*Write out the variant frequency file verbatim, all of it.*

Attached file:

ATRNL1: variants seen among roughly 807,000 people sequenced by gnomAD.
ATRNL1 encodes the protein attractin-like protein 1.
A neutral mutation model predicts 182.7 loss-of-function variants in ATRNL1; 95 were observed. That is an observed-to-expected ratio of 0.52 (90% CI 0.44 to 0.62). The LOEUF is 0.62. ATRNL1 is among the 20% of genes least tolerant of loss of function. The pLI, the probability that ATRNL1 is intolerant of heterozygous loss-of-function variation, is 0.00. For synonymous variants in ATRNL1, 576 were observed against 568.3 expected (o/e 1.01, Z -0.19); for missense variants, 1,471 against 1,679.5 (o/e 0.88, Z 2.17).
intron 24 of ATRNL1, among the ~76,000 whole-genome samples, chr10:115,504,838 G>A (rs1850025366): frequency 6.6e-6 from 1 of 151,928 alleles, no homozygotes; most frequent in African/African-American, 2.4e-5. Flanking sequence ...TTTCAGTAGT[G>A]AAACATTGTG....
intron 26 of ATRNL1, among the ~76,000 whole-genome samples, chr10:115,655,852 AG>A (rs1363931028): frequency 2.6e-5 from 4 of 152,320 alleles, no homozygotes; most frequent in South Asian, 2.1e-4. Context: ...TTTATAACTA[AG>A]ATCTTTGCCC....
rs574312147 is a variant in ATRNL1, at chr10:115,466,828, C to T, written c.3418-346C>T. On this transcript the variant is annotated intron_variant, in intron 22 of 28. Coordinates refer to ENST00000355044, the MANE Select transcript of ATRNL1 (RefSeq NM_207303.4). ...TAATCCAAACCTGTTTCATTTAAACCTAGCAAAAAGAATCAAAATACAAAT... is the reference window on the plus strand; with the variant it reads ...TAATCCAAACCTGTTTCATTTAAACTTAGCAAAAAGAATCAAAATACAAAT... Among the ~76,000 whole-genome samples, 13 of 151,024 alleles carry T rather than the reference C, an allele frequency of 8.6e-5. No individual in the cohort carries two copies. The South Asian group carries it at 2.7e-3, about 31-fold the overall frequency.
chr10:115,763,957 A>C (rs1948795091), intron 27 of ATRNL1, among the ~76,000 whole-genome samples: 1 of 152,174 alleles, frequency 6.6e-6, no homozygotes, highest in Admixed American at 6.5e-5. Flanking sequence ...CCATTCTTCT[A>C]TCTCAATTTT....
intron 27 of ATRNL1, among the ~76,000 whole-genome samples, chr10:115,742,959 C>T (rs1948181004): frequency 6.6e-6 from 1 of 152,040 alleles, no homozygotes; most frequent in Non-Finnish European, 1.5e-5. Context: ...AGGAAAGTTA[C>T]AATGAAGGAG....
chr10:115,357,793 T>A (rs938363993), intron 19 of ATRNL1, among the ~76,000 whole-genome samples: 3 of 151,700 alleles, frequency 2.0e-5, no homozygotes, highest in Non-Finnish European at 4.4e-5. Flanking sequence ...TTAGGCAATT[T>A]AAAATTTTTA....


ATRNL1: variants seen among roughly 807,000 people sequenced by gnomAD.
ATRNL1 encodes the protein attractin-like protein 1.
A neutral mutation model predicts 182.7 loss-of-function variants in ATRNL1; 95 were observed. That is an observed-to-expected ratio of 0.52 (90% CI 0.44 to 0.62). The LOEUF is 0.62. ATRNL1 is among the 20% of genes least tolerant of loss of function. The pLI, the probability that ATRNL1 is intolerant of heterozygous loss-of-function variation, is 0.00. For synonymous variants in ATRNL1, 576 were observed against 568.3 expected (o/e 1.01, Z -0.19); for missense variants, 1,471 against 1,679.5 (o/e 0.88, Z 2.17).
intron 24 of ATRNL1, among the ~76,000 whole-genome samples, chr10:115,504,838 G>A (rs1850025366): frequency 6.6e-6 from 1 of 151,928 alleles, no homozygotes; most frequent in African/African-American, 2.4e-5. Flanking sequence ...TTTCAGTAGT[G>A]AAACATTGTG....
intron 26 of ATRNL1, among the ~76,000 whole-genome samples, chr10:115,655,852 AG>A (rs1363931028): frequency 2.6e-5 from 4 of 152,320 alleles, no homozygotes; most frequent in South Asian, 2.1e-4. Context: ...TTTATAACTA[AG>A]ATCTTTGCCC....
rs574312147 is a variant in ATRNL1, at chr10:115,466,828, C to T, written c.3418-346C>T. On this transcript the variant is annotated intron_variant, in intron 22 of 28. Coordinates refer to ENST00000355044, the MANE Select transcript of ATRNL1 (RefSeq NM_207303.4). ...TAATCCAAACCTGTTTCATTTAAACCTAGCAAAAAGAATCAAAATACAAAT... is the reference window on the plus strand; with the variant it reads ...TAATCCAAACCTGTTTCATTTAAACTTAGCAAAAAGAATCAAAATACAAAT... Among the ~76,000 whole-genome samples, 13 of 151,024 alleles carry T rather than the reference C, an allele frequency of 8.6e-5. No individual in the cohort carries two copies. The South Asian group carries it at 2.7e-3, about 31-fold the overall frequency.
chr10:115,763,957 A>C (rs1948795091), intron 27 of ATRNL1, among the ~76,000 whole-genome samples: 1 of 152,174 alleles, frequency 6.6e-6, no homozygotes, highest in Admixed American at 6.5e-5. Flanking sequence ...CCATTCTTCT[A>C]TCTCAATTTT....
intron 27 of ATRNL1, among the ~76,000 whole-genome samples, chr10:115,742,959 C>T (rs1948181004): frequency 6.6e-6 from 1 of 152,040 alleles, no homozygotes; most frequent in Non-Finnish European, 1.5e-5. Context: ...AGGAAAGTTA[C>T]AATGAAGGAG....
chr10:115,357,793 T>A (rs938363993), intron 19 of ATRNL1, among the ~76,000 whole-genome samples: 3 of 151,700 alleles, frequency 2.0e-5, no homozygotes, highest in Non-Finnish European at 4.4e-5. Flanking sequence ...TTAGGCAATT[T>A]AAAATTTTTA....